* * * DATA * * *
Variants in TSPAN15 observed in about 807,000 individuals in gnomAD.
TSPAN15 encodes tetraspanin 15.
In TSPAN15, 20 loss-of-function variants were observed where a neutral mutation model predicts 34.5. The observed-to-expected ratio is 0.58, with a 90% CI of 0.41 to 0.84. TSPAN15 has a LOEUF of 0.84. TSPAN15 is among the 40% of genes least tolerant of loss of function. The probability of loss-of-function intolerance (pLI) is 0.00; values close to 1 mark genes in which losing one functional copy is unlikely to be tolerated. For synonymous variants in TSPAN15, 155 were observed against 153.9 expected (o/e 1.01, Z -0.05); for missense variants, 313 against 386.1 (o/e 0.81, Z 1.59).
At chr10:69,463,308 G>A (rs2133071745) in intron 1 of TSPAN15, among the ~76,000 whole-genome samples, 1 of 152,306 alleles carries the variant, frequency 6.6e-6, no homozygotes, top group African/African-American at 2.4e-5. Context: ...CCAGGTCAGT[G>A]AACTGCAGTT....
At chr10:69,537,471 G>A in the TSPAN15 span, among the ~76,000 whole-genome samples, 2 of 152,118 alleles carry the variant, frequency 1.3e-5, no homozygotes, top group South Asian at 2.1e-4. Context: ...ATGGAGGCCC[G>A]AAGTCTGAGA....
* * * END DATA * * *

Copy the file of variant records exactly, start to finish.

Variants in TSPAN15 observed in about 807,000 individuals in gnomAD.
TSPAN15 encodes tetraspanin 15.
In TSPAN15, 20 loss-of-function variants were observed where a neutral mutation model predicts 34.5. The observed-to-expected ratio is 0.58, with a 90% CI of 0.41 to 0.84. TSPAN15 has a LOEUF of 0.84. TSPAN15 is among the 40% of genes least tolerant of loss of function. The probability of loss-of-function intolerance (pLI) is 0.00; values close to 1 mark genes in which losing one functional copy is unlikely to be tolerated. For synonymous variants in TSPAN15, 155 were observed against 153.9 expected (o/e 1.01, Z -0.05); for missense variants, 313 against 386.1 (o/e 0.81, Z 1.59).
At chr10:69,463,308 G>A (rs2133071745) in intron 1 of TSPAN15, among the ~76,000 whole-genome samples, 1 of 152,306 alleles carries the variant, frequency 6.6e-6, no homozygotes, top group African/African-American at 2.4e-5. Context: ...CCAGGTCAGT[G>A]AACTGCAGTT....
At chr10:69,537,471 G>A in the TSPAN15 span, among the ~76,000 whole-genome samples, 2 of 152,118 alleles carry the variant, frequency 1.3e-5, no homozygotes, top group South Asian at 2.1e-4. Context: ...ATGGAGGCCC[G>A]AAGTCTGAGA....